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The UK Government needs to improve the quality of its Web sites, according to new research by Keynote Systems.

It analysed 35 sites and found that more than half were too cumbersome and slow-to-load for people accessing them with dial-up connections.

Seven out of ten of the sites had problems associated with browser compatibility, which could exclude some people from accessing those sites.

Almost half had between 10 to 25 broken links, including UKOnline.gov.uk, the Government's gateway to its information and services.

Worse still, one in ten of those sites studied had 75 or more broken links, with the British Army's effort heading the list with 148 broken links.

It seems that while some sites are kept spick and span (the Government Information and Communication Service got a special mention) other sites didn't do so well.

The conclusion? The Government's sites offer a mixed bag of quality and could do better.

"There were examples of 'best practice', particularly among new sites or portals established specifically to deliver e-government services to the general public, alongside government Web sites which had a number of integrity issues such as poor image optimisation, large pages and broken links," said the research.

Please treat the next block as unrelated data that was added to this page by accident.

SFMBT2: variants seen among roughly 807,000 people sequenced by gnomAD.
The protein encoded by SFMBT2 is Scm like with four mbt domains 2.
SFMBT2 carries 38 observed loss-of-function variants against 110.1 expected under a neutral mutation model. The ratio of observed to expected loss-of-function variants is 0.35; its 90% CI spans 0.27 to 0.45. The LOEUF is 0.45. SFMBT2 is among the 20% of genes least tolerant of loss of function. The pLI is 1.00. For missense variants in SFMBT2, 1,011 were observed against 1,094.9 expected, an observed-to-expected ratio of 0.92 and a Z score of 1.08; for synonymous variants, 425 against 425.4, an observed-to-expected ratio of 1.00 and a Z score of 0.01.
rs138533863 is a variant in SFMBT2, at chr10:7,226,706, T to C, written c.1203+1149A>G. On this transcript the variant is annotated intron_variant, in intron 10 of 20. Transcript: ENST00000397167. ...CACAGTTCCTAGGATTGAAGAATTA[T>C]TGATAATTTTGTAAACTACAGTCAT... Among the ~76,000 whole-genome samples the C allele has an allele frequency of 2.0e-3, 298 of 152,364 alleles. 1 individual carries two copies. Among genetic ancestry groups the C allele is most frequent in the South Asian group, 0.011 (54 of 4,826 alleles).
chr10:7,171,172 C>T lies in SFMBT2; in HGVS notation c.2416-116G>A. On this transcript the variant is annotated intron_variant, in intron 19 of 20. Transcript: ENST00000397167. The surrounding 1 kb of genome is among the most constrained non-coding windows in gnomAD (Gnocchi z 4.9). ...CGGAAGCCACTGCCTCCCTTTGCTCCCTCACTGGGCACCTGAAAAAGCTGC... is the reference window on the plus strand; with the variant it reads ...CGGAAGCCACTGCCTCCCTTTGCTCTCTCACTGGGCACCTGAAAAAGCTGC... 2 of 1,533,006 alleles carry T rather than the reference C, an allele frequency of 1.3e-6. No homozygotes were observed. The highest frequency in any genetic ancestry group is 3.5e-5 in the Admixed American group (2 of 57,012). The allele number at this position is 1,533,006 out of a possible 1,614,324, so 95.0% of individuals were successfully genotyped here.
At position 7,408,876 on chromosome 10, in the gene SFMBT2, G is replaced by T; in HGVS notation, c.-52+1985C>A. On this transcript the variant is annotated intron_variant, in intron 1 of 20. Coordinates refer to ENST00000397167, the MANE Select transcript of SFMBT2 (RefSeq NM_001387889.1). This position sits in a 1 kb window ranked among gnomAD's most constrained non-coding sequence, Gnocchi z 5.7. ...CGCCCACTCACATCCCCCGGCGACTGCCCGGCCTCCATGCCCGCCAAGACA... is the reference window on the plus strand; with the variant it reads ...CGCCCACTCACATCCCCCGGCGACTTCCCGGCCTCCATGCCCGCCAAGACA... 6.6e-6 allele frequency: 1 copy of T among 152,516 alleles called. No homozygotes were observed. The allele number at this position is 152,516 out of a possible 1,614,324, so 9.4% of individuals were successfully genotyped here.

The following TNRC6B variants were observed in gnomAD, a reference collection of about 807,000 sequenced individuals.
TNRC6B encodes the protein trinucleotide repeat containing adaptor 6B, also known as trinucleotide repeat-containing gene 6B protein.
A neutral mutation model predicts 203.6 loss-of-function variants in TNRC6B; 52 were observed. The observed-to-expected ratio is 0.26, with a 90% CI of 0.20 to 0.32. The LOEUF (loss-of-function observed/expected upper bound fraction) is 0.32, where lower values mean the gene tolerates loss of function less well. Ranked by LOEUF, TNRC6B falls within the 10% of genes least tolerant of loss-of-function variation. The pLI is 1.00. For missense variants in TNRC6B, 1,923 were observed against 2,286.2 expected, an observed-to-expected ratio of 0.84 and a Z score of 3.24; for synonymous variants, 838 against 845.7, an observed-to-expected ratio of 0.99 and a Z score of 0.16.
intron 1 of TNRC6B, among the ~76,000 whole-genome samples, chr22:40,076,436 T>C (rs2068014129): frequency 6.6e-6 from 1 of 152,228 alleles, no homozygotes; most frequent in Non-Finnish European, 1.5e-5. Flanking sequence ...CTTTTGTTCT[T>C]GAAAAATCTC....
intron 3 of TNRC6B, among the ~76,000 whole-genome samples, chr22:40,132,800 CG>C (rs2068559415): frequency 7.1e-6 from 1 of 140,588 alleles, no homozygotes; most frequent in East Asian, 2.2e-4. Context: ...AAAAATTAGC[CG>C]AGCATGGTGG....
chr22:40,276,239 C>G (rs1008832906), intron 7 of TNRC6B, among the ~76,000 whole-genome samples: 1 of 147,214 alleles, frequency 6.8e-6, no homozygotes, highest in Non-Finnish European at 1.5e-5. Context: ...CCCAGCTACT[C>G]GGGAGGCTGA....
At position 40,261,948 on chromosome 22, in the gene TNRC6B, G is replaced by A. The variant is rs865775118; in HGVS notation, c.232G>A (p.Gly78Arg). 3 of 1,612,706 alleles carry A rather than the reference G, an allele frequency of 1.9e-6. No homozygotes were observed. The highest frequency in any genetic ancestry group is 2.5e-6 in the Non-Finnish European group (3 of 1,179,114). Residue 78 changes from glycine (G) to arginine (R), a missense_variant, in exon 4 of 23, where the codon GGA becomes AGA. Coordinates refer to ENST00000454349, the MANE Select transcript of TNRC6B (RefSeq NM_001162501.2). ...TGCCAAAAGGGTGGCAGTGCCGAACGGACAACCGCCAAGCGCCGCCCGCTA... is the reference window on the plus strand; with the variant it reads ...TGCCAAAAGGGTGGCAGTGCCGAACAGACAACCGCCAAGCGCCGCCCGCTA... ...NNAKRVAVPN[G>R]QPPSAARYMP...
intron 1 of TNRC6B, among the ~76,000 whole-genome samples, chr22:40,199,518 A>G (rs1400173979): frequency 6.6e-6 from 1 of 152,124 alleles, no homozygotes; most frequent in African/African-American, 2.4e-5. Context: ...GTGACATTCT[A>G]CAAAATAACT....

A spokesperson for the Office of the e-Envoy said: "Departments strive to have accurate and timely information online. The Office of the e-Envoy have produced guidance on practical measures to set
standards and encourage consistent good practice.

"Government Web sites that are reliable, secure and easy to navigate have demonstrated significant levels of take up. NHS Direct Online receives half
a million hits a month. UK online is the fastest growing government website, with an average 119 per cent growth per month. More than 500,000 people use UK
online a month. ®

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